The Right Choices Can Reduce Investment Taxes

By on November 24, 2006

Given fluctuations in the market and changing tax law, there’s nothing certain about the amount of taxes individuals will pay annually on their investments, but there are some choices investors can make to reduce their tax bill. Just like fees vary from mutual fund to mutual fund, the taxes that different funds generate also vary – even within the same fund category. Taxes get less attention than fees but can actually impact returns more significantly. For example, the average fee on an actively managed fund cuts approximately 1.4 percent from returns per year (about 1 percent per year on an asset-weighted basis), but taxes can cut an average annual return by more than a third. Fees associated with purchasing investments are evident, but the returns on investments are not. Investors can reduce market variability by diversifying their wealth among asset classes and keep costs low by monitoring fees and employing a “buy-and-hold” strategy to lower taxes. But the fund’s manager may not be following the same “buy-and-hold” practice. In fact, the average turnover for stocks in an actively managed fund is close to 100 percent in a given year. And because fund managers are required to distribute the capital gains to investors each year, that turnover can result in some hefty taxes. Efficient funds that have low turnover and offset gains with losses may not make disbursements, so the investor only pays taxes when selling the fund. But even managers with some turnover can mitigate the amount investors pay in taxes. Equity investments that are held for at least one year qualify for the 15 percent capital gains tax rate as opposed to the 35 percent ordinary income tax rate. But on average, a significant percentage of gains are being taxed at the higher ordinary tax rate – cutting a great deal from returns. Investors should always look at pre- and post-tax return performance before making a taxable investment decision. This data is available on financial research Web sites like Morningstar. com. Investors should also pay particular attention to the times of the year in which they purchase funds – fund managers tend to make distributions close to year’s end.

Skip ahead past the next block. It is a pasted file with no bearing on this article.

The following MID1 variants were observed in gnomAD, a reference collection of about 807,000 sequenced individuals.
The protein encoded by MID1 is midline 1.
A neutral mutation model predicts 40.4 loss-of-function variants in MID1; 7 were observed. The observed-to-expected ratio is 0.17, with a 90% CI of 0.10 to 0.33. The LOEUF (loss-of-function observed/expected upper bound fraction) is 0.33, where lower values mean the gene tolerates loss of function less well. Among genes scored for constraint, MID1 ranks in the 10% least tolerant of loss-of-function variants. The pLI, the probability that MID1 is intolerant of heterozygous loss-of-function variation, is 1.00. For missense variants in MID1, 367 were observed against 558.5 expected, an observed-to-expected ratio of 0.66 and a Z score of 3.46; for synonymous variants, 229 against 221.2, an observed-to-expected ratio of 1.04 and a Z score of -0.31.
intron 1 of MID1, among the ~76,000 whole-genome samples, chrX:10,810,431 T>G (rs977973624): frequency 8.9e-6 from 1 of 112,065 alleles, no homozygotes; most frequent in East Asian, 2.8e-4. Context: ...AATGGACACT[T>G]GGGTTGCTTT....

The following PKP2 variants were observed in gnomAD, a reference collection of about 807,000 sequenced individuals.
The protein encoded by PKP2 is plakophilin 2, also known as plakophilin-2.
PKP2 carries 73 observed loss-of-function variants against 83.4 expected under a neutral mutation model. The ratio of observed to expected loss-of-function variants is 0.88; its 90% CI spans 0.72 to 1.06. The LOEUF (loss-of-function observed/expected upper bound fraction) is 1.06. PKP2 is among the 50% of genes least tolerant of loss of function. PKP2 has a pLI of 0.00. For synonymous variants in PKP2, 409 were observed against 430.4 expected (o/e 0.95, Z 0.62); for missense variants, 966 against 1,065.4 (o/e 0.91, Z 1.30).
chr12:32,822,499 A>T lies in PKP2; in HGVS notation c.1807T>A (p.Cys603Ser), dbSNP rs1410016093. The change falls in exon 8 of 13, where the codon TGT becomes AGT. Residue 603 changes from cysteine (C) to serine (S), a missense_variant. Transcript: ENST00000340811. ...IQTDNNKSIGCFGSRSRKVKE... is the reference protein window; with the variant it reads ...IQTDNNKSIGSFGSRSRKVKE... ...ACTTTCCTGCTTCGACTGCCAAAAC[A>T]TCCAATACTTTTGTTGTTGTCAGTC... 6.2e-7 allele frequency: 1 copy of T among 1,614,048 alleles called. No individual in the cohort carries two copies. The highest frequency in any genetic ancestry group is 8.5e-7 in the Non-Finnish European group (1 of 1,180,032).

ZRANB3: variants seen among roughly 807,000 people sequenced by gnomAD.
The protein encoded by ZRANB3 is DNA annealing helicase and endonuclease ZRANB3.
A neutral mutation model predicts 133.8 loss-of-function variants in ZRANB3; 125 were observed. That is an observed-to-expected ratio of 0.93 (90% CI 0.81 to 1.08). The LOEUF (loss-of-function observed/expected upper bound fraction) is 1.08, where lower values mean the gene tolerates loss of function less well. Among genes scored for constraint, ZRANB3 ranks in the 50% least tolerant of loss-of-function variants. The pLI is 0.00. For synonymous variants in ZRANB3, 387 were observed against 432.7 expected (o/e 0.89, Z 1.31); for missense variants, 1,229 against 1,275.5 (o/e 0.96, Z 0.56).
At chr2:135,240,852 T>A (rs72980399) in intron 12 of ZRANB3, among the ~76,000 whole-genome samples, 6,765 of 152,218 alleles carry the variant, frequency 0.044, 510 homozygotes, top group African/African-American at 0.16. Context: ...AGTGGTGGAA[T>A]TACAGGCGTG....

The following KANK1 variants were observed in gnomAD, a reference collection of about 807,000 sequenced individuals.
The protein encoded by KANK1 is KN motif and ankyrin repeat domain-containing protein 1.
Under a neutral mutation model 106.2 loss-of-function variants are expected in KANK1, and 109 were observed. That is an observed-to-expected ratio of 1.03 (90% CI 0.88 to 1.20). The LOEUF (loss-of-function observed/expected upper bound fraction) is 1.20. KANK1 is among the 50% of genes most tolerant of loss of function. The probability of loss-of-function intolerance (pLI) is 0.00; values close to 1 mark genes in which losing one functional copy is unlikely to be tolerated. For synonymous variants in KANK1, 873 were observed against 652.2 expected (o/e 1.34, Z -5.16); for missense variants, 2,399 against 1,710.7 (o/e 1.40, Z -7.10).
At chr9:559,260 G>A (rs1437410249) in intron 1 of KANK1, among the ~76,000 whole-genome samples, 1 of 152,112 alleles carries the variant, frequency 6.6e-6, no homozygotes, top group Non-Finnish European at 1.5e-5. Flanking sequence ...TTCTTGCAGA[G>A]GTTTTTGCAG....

Leave a Reply

Your email address will not be published.